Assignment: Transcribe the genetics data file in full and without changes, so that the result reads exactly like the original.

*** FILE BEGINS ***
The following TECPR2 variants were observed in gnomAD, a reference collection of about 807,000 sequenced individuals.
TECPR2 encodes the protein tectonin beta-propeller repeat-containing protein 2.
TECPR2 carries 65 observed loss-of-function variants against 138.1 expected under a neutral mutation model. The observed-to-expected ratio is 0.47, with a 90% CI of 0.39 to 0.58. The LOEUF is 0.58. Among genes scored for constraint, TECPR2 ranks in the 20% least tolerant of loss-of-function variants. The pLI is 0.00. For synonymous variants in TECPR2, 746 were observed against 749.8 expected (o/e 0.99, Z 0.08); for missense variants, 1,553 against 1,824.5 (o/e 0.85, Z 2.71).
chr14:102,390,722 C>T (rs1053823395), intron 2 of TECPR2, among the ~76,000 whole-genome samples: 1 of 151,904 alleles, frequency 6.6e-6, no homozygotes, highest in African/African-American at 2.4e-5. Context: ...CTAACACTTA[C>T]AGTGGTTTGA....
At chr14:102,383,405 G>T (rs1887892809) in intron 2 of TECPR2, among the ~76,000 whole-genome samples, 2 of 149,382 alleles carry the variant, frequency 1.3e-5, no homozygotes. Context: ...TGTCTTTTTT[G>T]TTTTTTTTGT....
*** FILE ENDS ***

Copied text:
The following TECPR2 variants were observed in gnomAD, a reference collection of about 807,000 sequenced individuals.
TECPR2 encodes the protein tectonin beta-propeller repeat-containing protein 2.
TECPR2 carries 65 observed loss-of-function variants against 138.1 expected under a neutral mutation model. The observed-to-expected ratio is 0.47, with a 90% CI of 0.39 to 0.58. The LOEUF is 0.58. Among genes scored for constraint, TECPR2 ranks in the 20% least tolerant of loss-of-function variants. The pLI is 0.00. For synonymous variants in TECPR2, 746 were observed against 749.8 expected (o/e 0.99, Z 0.08); for missense variants, 1,553 against 1,824.5 (o/e 0.85, Z 2.71).
chr14:102,390,722 C>T (rs1053823395), intron 2 of TECPR2, among the ~76,000 whole-genome samples: 1 of 151,904 alleles, frequency 6.6e-6, no homozygotes, highest in African/African-American at 2.4e-5. Context: ...CTAACACTTA[C>T]AGTGGTTTGA....
At chr14:102,383,405 G>T (rs1887892809) in intron 2 of TECPR2, among the ~76,000 whole-genome samples, 2 of 149,382 alleles carry the variant, frequency 1.3e-5, no homozygotes. Context: ...TGTCTTTTTT[G>T]TTTTTTTTGT....